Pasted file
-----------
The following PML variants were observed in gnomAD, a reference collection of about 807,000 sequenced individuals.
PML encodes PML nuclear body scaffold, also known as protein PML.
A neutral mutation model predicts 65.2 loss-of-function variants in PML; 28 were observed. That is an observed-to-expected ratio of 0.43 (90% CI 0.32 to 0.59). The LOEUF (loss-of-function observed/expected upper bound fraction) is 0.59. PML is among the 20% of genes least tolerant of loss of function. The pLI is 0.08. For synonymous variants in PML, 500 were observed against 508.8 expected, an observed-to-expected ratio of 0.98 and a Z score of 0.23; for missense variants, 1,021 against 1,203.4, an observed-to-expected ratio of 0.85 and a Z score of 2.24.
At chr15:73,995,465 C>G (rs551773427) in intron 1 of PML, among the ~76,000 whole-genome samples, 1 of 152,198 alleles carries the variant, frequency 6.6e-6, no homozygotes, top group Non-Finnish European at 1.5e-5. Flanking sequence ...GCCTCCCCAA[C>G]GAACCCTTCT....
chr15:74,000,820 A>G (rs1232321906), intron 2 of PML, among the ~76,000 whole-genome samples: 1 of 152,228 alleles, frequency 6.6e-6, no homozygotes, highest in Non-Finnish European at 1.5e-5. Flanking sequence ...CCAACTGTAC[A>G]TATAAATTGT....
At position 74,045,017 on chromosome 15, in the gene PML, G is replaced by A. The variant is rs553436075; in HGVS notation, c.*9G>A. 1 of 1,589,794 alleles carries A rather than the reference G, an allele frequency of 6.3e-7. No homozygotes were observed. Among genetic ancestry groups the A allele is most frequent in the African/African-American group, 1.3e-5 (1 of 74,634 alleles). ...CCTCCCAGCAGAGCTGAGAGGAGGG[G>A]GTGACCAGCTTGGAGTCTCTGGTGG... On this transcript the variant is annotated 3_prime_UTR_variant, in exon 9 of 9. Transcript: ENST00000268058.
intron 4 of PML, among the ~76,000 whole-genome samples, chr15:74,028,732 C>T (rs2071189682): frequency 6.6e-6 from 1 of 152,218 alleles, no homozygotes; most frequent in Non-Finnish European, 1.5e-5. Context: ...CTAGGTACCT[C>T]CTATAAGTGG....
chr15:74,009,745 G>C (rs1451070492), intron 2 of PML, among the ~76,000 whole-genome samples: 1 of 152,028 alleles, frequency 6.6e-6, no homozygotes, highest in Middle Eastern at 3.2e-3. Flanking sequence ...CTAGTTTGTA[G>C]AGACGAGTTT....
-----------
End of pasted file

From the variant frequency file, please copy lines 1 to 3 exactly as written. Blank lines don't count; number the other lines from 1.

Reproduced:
The following PML variants were observed in gnomAD, a reference collection of about 807,000 sequenced individuals.
PML encodes PML nuclear body scaffold, also known as protein PML.
A neutral mutation model predicts 65.2 loss-of-function variants in PML; 28 were observed. That is an observed-to-expected ratio of 0.43 (90% CI 0.32 to 0.59). The LOEUF (loss-of-function observed/expected upper bound fraction) is 0.59. PML is among the 20% of genes least tolerant of loss of function. The pLI is 0.08. For synonymous variants in PML, 500 were observed against 508.8 expected, an observed-to-expected ratio of 0.98 and a Z score of 0.23; for missense variants, 1,021 against 1,203.4, an observed-to-expected ratio of 0.85 and a Z score of 2.24.